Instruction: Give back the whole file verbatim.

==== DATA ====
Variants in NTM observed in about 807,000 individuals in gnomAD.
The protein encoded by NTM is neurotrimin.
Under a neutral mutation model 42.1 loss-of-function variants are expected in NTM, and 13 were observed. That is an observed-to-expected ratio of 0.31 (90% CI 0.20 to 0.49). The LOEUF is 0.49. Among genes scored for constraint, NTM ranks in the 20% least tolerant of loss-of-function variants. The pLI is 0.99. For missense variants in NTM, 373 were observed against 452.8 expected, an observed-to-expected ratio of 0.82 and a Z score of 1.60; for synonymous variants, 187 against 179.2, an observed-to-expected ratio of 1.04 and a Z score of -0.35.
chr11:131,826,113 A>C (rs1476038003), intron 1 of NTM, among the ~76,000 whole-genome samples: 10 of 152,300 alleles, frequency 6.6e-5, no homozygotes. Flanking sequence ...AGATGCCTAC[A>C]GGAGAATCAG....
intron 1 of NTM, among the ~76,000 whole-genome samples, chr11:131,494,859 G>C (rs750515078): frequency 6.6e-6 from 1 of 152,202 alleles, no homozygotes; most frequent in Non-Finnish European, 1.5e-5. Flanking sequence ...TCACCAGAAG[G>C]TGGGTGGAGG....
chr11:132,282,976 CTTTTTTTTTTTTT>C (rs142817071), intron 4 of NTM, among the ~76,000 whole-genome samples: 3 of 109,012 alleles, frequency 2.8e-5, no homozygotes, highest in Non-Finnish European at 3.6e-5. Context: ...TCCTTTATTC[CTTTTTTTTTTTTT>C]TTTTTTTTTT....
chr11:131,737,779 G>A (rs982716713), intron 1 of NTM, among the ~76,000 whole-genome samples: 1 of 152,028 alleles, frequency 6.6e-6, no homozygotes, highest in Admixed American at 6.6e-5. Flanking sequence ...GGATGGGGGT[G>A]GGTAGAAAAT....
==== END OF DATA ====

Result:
Variants in NTM observed in about 807,000 individuals in gnomAD.
The protein encoded by NTM is neurotrimin.
Under a neutral mutation model 42.1 loss-of-function variants are expected in NTM, and 13 were observed. That is an observed-to-expected ratio of 0.31 (90% CI 0.20 to 0.49). The LOEUF is 0.49. Among genes scored for constraint, NTM ranks in the 20% least tolerant of loss-of-function variants. The pLI is 0.99. For missense variants in NTM, 373 were observed against 452.8 expected, an observed-to-expected ratio of 0.82 and a Z score of 1.60; for synonymous variants, 187 against 179.2, an observed-to-expected ratio of 1.04 and a Z score of -0.35.
chr11:131,826,113 A>C (rs1476038003), intron 1 of NTM, among the ~76,000 whole-genome samples: 10 of 152,300 alleles, frequency 6.6e-5, no homozygotes. Flanking sequence ...AGATGCCTAC[A>C]GGAGAATCAG....
intron 1 of NTM, among the ~76,000 whole-genome samples, chr11:131,494,859 G>C (rs750515078): frequency 6.6e-6 from 1 of 152,202 alleles, no homozygotes; most frequent in Non-Finnish European, 1.5e-5. Flanking sequence ...TCACCAGAAG[G>C]TGGGTGGAGG....
chr11:132,282,976 CTTTTTTTTTTTTT>C (rs142817071), intron 4 of NTM, among the ~76,000 whole-genome samples: 3 of 109,012 alleles, frequency 2.8e-5, no homozygotes, highest in Non-Finnish European at 3.6e-5. Context: ...TCCTTTATTC[CTTTTTTTTTTTTT>C]TTTTTTTTTT....
chr11:131,737,779 G>A (rs982716713), intron 1 of NTM, among the ~76,000 whole-genome samples: 1 of 152,028 alleles, frequency 6.6e-6, no homozygotes, highest in Admixed American at 6.6e-5. Flanking sequence ...GGATGGGGGT[G>A]GGTAGAAAAT....